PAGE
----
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Lecture 10

Biology 2483A Lecture Notes - Lecture 10: Metapopulation, Eutrophication


Department
Biology
Course Code
BIOL 2483A
Professor
Lisa Henry
Lecture
10

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Lecture 10: Population Dynamics
Population dynamics: the ways in which populations change in abundance over time
Population size changes as a result of four processes: birth, death, immigration
and emigration
Nt+1=Nt+BD+IE
Nt
: population size at time t
B: number of births
D: number of deaths
I: number of immigrants
E: number of emigrants
Patterns of Population Growth
Populations exhibit a wide range of growth patterns, including exponential
growth, logistic growth, fluctuations, and regular cycles
These four patterns are not mutually exclusive  a single population can
experience each of them at different times
Exponential Growth
Population increases by a constant proportion at each point in time
When conditions are favorable, a population can increase exponential for a
limited time  when a species reaches a new area, exponential growth can occur if
conditions are favorable
The population may grow exponentially until density-dependent factors regulate
its numbers
Species such as the cattle egret colonize new regions by long-distance or jump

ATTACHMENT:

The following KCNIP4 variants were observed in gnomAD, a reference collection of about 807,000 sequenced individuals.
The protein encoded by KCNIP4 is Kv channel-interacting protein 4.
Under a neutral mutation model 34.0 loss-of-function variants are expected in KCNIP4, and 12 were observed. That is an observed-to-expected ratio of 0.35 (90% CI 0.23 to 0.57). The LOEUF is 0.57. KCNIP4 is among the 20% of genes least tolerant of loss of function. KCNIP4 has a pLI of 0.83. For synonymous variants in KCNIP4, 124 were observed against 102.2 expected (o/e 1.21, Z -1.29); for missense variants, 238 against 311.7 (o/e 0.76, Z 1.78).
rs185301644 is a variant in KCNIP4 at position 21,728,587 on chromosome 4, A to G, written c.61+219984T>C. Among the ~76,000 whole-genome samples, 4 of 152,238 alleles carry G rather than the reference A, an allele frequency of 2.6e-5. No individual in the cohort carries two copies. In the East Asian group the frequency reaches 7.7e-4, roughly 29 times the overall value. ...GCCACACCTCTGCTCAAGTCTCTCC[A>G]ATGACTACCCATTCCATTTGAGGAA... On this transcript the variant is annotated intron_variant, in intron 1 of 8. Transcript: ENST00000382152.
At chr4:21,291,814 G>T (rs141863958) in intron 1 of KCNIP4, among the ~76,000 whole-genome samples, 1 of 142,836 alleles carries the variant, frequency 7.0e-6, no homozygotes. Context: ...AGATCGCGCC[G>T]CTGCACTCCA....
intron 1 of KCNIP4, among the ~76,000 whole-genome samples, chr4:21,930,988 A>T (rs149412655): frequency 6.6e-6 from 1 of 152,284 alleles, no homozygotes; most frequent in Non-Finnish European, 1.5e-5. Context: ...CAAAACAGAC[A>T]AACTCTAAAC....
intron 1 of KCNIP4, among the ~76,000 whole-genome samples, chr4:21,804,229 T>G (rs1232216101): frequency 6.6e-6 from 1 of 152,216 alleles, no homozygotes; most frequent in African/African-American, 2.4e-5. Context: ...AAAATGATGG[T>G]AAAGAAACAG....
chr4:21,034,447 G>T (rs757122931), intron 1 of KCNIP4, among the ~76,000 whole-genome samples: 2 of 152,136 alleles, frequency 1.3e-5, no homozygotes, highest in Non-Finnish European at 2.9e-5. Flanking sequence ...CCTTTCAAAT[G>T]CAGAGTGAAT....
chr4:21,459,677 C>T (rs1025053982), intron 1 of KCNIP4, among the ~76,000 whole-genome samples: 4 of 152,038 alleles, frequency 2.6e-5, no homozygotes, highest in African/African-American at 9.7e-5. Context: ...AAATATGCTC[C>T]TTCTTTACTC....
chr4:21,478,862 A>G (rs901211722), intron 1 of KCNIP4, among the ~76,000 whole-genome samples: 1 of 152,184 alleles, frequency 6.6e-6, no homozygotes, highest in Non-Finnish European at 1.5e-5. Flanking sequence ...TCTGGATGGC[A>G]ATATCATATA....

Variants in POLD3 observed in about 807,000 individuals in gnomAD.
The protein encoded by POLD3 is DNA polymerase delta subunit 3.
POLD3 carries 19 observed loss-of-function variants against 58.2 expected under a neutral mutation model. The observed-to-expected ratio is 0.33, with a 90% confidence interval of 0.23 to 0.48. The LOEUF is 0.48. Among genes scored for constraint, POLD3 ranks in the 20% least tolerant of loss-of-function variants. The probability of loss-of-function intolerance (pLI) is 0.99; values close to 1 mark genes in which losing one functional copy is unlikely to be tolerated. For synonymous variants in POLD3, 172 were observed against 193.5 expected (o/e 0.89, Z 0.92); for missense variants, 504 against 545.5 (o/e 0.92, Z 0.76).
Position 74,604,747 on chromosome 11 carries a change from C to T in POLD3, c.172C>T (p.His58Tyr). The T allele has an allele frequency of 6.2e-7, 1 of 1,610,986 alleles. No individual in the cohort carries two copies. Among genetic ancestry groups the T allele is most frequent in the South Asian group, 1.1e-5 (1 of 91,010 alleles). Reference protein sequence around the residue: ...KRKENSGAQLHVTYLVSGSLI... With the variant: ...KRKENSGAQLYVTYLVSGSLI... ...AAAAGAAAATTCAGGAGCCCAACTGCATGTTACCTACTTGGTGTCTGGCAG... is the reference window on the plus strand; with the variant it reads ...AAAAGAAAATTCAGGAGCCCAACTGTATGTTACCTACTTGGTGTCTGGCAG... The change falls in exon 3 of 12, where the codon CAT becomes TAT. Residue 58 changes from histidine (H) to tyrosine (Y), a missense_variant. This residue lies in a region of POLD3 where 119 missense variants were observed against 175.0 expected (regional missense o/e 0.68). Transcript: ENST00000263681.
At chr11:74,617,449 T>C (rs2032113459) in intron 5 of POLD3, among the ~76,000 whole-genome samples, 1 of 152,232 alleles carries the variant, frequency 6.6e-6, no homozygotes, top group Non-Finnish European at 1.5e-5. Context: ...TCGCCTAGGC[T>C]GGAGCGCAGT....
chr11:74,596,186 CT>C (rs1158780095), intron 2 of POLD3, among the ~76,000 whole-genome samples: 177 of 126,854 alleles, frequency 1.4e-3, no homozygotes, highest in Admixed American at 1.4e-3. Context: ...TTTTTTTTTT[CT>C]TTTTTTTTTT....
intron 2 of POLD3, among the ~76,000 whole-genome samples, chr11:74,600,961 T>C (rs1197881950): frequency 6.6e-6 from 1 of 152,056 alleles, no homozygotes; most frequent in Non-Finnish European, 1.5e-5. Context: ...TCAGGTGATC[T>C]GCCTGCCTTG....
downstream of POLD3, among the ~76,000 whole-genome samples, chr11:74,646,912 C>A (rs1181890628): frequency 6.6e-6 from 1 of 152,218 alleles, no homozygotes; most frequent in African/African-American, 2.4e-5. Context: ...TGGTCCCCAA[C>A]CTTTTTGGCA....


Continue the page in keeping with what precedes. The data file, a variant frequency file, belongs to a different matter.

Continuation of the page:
dispersal events
Local populations then expand by short-distance dispersal events
- Ex. Immigration of birds in South America from Africa is jump dispersal
Logistic Growth
These populations first increase, then fluctuate by a small amount around the
carrying capacity
Plots of real populations rarely match the logistic curve exactly
“Logistic growth” is used broadly to indicate any population that increases
initially, then levels off at the carrying capacity
Ex. Sheep in Tasmania

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For K (carrying capacity) to be constant, birth rates and death rates must be
constant over time at any given density
- This rarely happens in nature, since birth and death rates do vary over time 
so we except the carrying capacity to fluctuate
Population Fluctuations
In all populations, numbers rise and fall over time
Fluctuations can be deviations from a growth pattern (ex.
Tasmanian sheep population)
Or, they can be erratic
- Ex. In Lake Erie phytoplankton populations, fluctuating abundance could
reflect changes in environmental factors such as nutrient supplies,
temperature, or predator abundance
Population outbreak: number of individuals increases rapidly
Ex. Consequences of an insect outbreak
- An ongoing outbreak of the mountain pine beetle has killed hundreds of
millions of trees across BC
- This has altered forest composition, and CO2 is released as the trees away
- Approx. 17.6 megatons every year
Population Cycles
Some populations have alternating periods of high and low abundance at regular
intervals
Populations of small rodents, such as lemmings and voles, typically reach a peak
every 3-5 years
Different factors may drive population cycles in rodents  factors driving
population cycles may vary by place/species
- For collard lemmings in Greenland, field studies and modeling indicated that
the 4-year cycle is driven by predators, such as the stoat
In other studies, predator removal had no effect on population cycles
Some population cycles may stop if certain environmental factors change
- Warmer winter temperatures affect snow conditions at high latitudes, making
it more difficult for lemmings to feed and avoid predators
- Their populations have stopped cycling every 3 to 4 years
Delayed density dependence: delays in the effect that density has on population
size
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